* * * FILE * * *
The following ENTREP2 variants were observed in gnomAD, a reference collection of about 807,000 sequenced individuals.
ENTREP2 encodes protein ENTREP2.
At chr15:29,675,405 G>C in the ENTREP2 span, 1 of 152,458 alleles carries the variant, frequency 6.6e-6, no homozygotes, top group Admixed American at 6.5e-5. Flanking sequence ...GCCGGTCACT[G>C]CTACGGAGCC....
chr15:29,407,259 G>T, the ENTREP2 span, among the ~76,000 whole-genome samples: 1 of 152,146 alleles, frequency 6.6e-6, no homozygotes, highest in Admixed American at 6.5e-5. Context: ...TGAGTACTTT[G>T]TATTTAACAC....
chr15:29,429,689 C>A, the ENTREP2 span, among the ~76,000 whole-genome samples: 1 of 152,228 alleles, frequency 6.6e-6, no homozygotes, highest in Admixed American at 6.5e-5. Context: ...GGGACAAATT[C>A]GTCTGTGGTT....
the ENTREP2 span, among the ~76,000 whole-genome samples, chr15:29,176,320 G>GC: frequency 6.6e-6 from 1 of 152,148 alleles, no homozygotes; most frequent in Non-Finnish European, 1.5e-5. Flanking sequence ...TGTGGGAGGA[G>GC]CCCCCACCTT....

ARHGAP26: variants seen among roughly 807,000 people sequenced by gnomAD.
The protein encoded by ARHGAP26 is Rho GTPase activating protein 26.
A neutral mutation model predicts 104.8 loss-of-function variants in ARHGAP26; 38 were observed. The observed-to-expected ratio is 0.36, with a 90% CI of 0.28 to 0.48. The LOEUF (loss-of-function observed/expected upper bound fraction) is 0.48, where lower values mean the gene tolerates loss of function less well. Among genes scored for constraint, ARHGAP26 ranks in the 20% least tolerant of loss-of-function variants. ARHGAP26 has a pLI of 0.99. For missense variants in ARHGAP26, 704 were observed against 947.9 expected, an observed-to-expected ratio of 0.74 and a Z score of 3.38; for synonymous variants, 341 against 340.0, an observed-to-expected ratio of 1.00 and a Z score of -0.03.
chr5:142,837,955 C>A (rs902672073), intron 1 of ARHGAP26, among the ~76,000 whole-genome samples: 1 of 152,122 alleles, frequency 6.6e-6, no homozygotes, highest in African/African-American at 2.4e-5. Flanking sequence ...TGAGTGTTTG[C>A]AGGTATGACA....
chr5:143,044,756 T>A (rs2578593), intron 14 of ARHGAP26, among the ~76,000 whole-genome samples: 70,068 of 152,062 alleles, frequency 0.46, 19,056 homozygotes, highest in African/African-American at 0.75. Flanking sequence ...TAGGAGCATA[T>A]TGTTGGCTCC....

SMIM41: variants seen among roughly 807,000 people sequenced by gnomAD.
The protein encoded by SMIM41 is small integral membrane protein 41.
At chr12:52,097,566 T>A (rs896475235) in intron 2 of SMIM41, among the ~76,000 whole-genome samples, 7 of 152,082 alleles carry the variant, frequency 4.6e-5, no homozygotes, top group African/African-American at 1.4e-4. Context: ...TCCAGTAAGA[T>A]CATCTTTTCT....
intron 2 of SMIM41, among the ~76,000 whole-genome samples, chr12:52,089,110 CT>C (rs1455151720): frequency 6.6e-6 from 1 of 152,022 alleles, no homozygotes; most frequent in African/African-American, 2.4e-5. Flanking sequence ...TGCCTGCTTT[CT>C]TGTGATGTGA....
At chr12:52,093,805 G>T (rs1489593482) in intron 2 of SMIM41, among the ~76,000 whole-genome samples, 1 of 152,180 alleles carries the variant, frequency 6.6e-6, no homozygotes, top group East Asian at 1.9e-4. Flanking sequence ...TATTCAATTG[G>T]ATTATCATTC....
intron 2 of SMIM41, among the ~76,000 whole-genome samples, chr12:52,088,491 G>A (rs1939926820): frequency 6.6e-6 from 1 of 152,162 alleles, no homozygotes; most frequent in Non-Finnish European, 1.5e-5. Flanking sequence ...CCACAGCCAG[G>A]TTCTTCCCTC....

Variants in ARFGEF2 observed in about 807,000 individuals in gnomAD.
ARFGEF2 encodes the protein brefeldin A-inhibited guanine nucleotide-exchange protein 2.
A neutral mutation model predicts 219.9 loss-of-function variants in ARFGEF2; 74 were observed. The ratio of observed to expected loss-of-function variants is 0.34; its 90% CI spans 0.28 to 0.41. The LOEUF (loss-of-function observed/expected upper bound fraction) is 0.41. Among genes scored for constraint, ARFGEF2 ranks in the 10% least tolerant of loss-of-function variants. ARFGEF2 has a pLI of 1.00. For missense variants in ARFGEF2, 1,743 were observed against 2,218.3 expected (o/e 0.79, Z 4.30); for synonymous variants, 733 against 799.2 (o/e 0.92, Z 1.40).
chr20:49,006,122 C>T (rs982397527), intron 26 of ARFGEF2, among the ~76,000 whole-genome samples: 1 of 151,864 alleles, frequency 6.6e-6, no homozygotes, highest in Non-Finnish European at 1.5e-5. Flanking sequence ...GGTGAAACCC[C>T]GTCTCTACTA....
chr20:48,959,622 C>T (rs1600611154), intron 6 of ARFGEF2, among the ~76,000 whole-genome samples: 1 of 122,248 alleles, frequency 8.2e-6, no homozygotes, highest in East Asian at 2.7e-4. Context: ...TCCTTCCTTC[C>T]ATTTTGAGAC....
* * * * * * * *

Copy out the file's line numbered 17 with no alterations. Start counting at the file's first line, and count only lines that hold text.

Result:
intron 2 of SMIM41, among the ~76,000 whole-genome samples, chr12:52,088,491 G>A (rs1939926820): frequency 6.6e-6 from 1 of 152,162 alleles, no homozygotes; most frequent in Non-Finnish European, 1.5e-5. Flanking sequence ...CCACAGCCAG[G>A]TTCTTCCCTC....